The American West is a combination of myth and reality. In the early 21st century this vast expanse of land remains much as it was centuries ago, but signs of humanʼs presence are pervasive. Remnants of the old west still haunt the landscape in the form of old motel signs, cowboys, Indians and trading posts that all allude to an era long gone. Today many of these fading cultural icons are informed by newer changes to the landscape.

High voltage electric transmission lines march into the empty distance, silent, unless one stands under them and hears the crackling of the electricity traveling through the vast expanse of the West. Viaducts have been built that carry precious water from one state to another transforming arid land into productive farms. Armies of trucks transport goods across the country, rolling over countless miles of highways. The arrows implanted in the earth along old Route 66 have fallen short of their target, which was once the pony express, but now, ironically, Federal Express.

We show our presence even in our absence. A large piece of petrified wood has been oddly and elegantly placed on top of an eroding butte. Plastic caught on a barbed wire fence blows in the wind, mirroring the snow on top of a nearby mountain. Discarded automobiles lie in disarray on the surface of the land.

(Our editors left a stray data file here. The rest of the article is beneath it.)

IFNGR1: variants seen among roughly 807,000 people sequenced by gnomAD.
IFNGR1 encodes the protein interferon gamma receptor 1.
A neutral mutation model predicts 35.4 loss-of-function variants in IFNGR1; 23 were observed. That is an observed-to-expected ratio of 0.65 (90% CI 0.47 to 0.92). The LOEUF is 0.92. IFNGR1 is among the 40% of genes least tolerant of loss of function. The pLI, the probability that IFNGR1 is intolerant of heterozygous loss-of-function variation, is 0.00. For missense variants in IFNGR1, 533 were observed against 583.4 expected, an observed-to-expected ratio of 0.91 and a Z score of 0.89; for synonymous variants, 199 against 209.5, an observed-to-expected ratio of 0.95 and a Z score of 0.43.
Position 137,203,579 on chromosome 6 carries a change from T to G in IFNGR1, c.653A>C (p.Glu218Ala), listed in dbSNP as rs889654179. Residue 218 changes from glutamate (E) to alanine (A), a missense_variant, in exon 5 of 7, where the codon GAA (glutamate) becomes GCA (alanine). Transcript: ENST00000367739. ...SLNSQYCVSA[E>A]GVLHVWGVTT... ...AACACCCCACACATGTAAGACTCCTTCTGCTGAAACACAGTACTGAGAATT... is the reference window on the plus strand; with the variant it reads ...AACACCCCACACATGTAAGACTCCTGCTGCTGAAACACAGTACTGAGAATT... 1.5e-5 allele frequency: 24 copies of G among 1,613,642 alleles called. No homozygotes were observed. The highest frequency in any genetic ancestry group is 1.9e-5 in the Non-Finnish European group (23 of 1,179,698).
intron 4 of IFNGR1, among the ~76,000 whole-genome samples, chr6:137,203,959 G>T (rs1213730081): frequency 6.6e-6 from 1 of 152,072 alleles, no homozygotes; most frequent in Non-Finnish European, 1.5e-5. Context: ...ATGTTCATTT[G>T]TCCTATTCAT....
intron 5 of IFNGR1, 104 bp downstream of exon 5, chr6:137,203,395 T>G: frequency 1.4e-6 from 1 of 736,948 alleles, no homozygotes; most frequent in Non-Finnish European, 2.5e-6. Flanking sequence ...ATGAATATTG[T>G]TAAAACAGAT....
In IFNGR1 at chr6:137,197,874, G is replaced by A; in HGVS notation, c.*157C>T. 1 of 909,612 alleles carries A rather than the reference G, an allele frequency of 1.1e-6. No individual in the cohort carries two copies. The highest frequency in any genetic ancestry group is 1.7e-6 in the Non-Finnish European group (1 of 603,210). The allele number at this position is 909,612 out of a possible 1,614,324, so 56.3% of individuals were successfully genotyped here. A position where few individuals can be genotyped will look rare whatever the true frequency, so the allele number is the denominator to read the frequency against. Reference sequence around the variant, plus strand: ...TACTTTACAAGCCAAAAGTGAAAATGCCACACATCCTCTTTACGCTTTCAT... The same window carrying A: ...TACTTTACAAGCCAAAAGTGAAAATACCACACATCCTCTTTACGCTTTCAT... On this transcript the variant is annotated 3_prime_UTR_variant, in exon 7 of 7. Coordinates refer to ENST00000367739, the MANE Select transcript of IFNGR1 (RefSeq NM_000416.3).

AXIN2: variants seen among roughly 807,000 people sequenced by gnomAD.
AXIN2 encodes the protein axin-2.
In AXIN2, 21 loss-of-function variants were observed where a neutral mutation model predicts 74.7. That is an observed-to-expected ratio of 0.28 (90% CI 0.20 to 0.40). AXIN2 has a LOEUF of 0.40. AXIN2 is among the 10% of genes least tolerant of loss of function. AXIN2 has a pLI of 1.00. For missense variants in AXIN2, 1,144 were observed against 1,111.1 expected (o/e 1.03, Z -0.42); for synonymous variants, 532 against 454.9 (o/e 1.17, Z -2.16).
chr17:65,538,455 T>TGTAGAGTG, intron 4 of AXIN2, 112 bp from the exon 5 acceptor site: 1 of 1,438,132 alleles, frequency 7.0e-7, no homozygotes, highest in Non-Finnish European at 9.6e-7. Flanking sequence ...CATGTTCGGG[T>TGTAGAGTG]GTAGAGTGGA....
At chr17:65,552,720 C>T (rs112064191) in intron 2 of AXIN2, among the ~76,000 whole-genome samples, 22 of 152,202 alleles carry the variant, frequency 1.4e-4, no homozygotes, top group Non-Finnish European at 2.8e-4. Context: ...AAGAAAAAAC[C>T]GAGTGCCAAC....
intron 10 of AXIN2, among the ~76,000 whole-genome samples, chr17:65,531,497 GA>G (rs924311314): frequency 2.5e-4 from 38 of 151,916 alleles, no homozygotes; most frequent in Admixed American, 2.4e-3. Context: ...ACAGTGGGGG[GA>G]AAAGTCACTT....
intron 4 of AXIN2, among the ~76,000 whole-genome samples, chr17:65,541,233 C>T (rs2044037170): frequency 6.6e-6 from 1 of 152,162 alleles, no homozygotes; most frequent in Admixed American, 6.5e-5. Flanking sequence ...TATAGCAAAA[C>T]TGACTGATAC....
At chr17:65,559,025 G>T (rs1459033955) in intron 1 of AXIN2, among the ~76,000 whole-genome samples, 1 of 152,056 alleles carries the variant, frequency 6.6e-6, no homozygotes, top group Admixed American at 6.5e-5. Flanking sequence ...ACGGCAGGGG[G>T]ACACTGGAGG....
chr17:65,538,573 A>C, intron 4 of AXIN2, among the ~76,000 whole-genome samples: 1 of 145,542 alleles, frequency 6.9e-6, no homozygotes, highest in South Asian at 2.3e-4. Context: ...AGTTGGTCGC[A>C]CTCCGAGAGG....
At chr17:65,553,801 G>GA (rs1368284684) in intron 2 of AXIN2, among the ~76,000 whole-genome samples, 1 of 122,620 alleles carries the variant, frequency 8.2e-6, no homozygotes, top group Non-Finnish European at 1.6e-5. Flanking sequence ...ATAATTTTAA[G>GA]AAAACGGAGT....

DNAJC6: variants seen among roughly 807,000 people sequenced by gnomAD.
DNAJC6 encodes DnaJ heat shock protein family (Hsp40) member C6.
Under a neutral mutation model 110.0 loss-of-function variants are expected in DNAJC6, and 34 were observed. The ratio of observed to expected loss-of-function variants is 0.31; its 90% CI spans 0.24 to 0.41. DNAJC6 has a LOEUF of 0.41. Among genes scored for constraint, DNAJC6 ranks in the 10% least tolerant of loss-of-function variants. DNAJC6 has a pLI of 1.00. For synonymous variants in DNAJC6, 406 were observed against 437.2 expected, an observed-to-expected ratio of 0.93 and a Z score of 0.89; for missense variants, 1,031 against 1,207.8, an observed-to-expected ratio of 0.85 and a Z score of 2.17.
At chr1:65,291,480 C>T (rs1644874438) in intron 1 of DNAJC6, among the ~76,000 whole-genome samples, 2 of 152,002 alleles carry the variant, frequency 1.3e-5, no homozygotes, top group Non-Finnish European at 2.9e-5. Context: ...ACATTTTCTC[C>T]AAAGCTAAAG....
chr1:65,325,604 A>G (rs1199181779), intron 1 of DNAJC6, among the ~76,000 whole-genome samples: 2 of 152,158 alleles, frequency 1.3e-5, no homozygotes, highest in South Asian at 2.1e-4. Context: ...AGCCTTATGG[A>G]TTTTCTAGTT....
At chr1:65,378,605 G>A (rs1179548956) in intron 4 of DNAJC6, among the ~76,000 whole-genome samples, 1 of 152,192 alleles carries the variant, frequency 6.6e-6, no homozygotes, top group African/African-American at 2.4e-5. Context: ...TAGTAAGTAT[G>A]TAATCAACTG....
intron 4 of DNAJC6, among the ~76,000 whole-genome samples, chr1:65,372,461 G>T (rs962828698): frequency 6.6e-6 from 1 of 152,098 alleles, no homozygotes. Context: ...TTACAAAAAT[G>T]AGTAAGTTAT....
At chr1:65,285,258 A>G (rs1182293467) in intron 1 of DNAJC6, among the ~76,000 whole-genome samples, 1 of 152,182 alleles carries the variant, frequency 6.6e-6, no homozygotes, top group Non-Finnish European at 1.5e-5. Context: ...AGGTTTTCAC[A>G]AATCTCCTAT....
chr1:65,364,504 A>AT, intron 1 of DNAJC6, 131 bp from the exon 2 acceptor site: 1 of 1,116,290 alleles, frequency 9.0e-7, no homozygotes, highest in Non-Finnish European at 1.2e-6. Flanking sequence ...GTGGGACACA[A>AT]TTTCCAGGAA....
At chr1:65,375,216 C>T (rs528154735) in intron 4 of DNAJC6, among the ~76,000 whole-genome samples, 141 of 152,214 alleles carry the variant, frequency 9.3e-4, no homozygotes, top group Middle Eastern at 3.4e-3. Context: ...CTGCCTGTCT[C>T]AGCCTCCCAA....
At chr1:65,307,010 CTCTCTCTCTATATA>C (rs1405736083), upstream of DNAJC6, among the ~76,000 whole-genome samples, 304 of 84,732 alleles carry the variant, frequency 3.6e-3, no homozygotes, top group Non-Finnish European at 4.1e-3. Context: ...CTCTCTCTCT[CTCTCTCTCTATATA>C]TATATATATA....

We are part of the landscape, figuratively as well as literally. The white man came to the “new world” and introduced Christianity, and Jesus bears the cross behind an old church in Taos, New Mexico. The conservative religious organization, Focus on the Family has its own national radio program as well as a freeway exit sign north of Colorado Springs, Colorado. We impact the land, the airwaves and in turn the landscape of our own psyches.

I began collecting images for this body of work in the 1990's. The metaphorical interweaving of time and place intrigues me, and so the work continues.

The negatives were made with a Mamiya 6 medium format camera and black and white film. The prints are archival carbon pigment prints and editions are limited. Gelatin silver prints are also available.